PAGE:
Malema smashes conspiracy rumours: EFF will vote with DA – lesser evil than ANC

Julius Malema has finally put a popular conspiracy theory to bed once and for all – his EFF is prepared to side with what he calls “white racists” who control the DA rather than give a single vote to the ANC. While the EFF’s star was rising, rumours abounded that the ANC’s former Youth League head was actually building a Trojan Horse to shore up the ruling party’s control. After today’s announcement, that wild theory is well and truly in the dumpster. Malema’s entrepreneurial approach to public service is distasteful and his economic policies beyond wacky. But as a disruptive political force, Malema and his EFF have had a hugely positive influence on South Africa. Because of him, competitive politics has arrived in South Africa years ahead of schedule. – Alec Hogg

By Joe Brock and Zimasa Mpemnyama

JOHANNESBURG, Aug 17 (Reuters) – South Africa’s biggest parties have failed to form coalition governments in major economic hubs following elections this month, they said on Wednesday, raising the prospect of less stable minority administrations.

Since the African National Congress (ANC) lost its majority in major municipalities this month, in its worst electoral performance since it came to power nationally at the end of apartheid, the main parties have been attempting to assemble coalitions.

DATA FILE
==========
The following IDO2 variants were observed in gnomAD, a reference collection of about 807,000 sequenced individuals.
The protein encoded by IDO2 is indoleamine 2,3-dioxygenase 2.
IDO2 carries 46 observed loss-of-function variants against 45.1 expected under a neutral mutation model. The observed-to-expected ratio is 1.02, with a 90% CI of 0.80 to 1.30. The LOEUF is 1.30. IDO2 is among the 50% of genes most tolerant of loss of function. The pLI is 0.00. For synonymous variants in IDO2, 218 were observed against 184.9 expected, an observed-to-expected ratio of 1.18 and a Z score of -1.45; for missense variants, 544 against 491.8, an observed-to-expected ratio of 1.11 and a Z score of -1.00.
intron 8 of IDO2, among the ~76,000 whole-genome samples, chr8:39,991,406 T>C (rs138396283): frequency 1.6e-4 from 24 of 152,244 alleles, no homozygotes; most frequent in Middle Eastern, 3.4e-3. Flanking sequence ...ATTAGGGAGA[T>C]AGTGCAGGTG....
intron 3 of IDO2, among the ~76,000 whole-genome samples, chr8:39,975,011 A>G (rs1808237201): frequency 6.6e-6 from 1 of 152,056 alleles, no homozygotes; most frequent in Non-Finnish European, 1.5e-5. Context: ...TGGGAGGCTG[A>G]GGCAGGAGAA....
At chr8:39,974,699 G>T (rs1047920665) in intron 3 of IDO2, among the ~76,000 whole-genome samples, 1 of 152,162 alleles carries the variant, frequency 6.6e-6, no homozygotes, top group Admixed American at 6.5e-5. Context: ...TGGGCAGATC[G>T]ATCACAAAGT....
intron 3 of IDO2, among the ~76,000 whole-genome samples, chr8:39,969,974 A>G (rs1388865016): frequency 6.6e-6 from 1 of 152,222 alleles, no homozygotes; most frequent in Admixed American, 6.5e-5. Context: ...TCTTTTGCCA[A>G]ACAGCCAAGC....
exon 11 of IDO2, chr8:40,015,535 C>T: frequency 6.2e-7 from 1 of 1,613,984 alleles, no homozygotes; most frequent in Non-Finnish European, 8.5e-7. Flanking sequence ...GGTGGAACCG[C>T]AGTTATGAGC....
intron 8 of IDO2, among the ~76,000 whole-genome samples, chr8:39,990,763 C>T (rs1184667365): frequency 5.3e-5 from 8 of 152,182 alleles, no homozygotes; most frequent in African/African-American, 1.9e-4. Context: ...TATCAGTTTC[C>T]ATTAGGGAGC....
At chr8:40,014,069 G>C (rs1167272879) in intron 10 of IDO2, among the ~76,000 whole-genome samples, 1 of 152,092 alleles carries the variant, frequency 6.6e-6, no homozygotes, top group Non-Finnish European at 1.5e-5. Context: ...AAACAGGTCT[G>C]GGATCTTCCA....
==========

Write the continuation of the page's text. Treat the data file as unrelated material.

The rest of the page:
Julius Malema, the firebrand leader of South Africa's Economic Freedom Fighters. REUTERS/Siphiwe Sibeko.
Julius Malema, the firebrand leader of South Africa’s Economic Freedom Fighters. REUTERS/Siphiwe Sibeko.

The radical leftist Economic Freedom Fighters (EFF), the ANC and the main national opposition, the Democratic Alliance (DA), failed to agree on major policies, EFF leader Julius Malema told reporters.

Malema, a fiery former ANC youth leader, said the EFF would vote with the DA at council meetings in order to deprive President Jacob Zuma’s ANC of municipalities that it has controlled since the end of white-minority rule 22 years ago.

With EFF votes, the DA is now likely to form minority administrations in Johannesburg; the neighbouring industrial region of Ekurhuleni that hosts the main airport; and Tshwane, which includes the capital Pretoria, Malema said.

He also said the EFF would assist the DA in the symbolically important Nelson Mandela Bay, which includes the manufacturing hub Port Elizabeth, although the DA said it could rule there without EFF help.

Malema sought to stress that the EFF did not support the policies of the DA, which he described as a party of “white racists”.

“We are caught between two devils. The DA is a better devil than the ANC. We are not in bed with them,” he told reporters in the Alexandra township in Johannesburg.

“The ANC will not get a single vote from the EFF. We will vote for the opposition because the ANC must be removed from power.”

Read also: Democracy rejuvenated: SA politics now competitive thanks to Malema’s EFF